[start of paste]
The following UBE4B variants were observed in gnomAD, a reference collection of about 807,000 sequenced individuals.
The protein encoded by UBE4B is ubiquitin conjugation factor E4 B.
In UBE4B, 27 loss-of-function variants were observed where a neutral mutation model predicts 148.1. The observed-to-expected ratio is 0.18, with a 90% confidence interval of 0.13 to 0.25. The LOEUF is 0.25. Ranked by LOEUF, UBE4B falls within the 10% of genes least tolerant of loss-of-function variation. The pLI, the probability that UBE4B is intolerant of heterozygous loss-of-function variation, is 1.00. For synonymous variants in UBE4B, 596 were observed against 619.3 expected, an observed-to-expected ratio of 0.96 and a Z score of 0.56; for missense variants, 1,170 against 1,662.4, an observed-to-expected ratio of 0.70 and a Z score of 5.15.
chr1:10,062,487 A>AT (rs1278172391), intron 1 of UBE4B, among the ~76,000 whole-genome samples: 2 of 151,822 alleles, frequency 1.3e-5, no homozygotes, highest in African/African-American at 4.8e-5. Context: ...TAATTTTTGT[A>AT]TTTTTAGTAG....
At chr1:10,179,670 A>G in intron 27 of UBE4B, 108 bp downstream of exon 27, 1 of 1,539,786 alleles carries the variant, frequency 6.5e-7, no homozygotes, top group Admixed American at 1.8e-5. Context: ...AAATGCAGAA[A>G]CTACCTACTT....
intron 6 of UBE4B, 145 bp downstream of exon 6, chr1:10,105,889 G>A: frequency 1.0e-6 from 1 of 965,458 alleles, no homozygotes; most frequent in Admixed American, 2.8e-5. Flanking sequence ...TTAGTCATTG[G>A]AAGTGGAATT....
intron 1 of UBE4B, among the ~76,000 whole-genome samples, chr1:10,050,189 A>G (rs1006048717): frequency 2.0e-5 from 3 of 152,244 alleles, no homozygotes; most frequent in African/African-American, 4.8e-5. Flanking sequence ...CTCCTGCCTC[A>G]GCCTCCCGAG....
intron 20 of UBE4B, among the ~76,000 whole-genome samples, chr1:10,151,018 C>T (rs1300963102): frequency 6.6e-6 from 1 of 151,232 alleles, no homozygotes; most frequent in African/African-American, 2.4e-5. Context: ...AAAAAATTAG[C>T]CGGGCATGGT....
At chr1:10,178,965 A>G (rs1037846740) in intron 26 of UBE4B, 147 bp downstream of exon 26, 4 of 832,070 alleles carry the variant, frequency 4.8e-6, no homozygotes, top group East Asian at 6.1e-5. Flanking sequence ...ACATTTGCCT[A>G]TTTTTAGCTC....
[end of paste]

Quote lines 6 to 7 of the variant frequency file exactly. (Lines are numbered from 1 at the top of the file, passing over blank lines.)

intron 6 of UBE4B, 145 bp downstream of exon 6, chr1:10,105,889 G>A: frequency 1.0e-6 from 1 of 965,458 alleles, no homozygotes; most frequent in Admixed American, 2.8e-5. Flanking sequence ...TTAGTCATTG[G>A]AAGTGGAATT....
intron 1 of UBE4B, among the ~76,000 whole-genome samples, chr1:10,050,189 A>G (rs1006048717): frequency 2.0e-5 from 3 of 152,244 alleles, no homozygotes; most frequent in African/African-American, 4.8e-5. Flanking sequence ...CTCCTGCCTC[A>G]GCCTCCCGAG....